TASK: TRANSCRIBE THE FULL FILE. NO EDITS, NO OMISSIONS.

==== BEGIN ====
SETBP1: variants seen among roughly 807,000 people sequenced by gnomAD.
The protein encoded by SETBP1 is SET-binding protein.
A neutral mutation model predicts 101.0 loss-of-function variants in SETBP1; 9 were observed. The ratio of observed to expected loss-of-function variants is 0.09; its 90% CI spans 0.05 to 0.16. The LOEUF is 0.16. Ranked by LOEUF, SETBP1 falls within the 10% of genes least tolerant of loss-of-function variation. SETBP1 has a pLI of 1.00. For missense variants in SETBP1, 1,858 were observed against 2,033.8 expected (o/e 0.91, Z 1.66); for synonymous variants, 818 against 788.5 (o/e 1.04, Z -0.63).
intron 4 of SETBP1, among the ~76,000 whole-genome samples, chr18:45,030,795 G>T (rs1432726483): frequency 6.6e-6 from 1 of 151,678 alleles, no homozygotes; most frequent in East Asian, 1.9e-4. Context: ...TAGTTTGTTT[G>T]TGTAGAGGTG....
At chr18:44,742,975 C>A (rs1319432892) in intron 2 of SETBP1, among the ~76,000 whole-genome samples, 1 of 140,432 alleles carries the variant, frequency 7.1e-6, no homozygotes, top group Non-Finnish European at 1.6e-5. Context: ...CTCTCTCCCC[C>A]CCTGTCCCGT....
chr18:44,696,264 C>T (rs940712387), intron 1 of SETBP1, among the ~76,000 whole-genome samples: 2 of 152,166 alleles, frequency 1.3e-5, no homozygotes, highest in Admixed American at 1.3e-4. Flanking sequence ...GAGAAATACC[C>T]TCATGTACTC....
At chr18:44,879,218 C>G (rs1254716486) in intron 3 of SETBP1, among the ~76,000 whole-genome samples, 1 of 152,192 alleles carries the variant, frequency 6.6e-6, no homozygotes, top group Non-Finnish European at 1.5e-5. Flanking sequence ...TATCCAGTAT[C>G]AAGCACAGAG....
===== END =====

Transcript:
SETBP1: variants seen among roughly 807,000 people sequenced by gnomAD.
The protein encoded by SETBP1 is SET-binding protein.
A neutral mutation model predicts 101.0 loss-of-function variants in SETBP1; 9 were observed. The ratio of observed to expected loss-of-function variants is 0.09; its 90% CI spans 0.05 to 0.16. The LOEUF is 0.16. Ranked by LOEUF, SETBP1 falls within the 10% of genes least tolerant of loss-of-function variation. SETBP1 has a pLI of 1.00. For missense variants in SETBP1, 1,858 were observed against 2,033.8 expected (o/e 0.91, Z 1.66); for synonymous variants, 818 against 788.5 (o/e 1.04, Z -0.63).
intron 4 of SETBP1, among the ~76,000 whole-genome samples, chr18:45,030,795 G>T (rs1432726483): frequency 6.6e-6 from 1 of 151,678 alleles, no homozygotes; most frequent in East Asian, 1.9e-4. Context: ...TAGTTTGTTT[G>T]TGTAGAGGTG....
At chr18:44,742,975 C>A (rs1319432892) in intron 2 of SETBP1, among the ~76,000 whole-genome samples, 1 of 140,432 alleles carries the variant, frequency 7.1e-6, no homozygotes, top group Non-Finnish European at 1.6e-5. Context: ...CTCTCTCCCC[C>A]CCTGTCCCGT....
chr18:44,696,264 C>T (rs940712387), intron 1 of SETBP1, among the ~76,000 whole-genome samples: 2 of 152,166 alleles, frequency 1.3e-5, no homozygotes, highest in Admixed American at 1.3e-4. Flanking sequence ...GAGAAATACC[C>T]TCATGTACTC....
At chr18:44,879,218 C>G (rs1254716486) in intron 3 of SETBP1, among the ~76,000 whole-genome samples, 1 of 152,192 alleles carries the variant, frequency 6.6e-6, no homozygotes, top group Non-Finnish European at 1.5e-5. Flanking sequence ...TATCCAGTAT[C>G]AAGCACAGAG....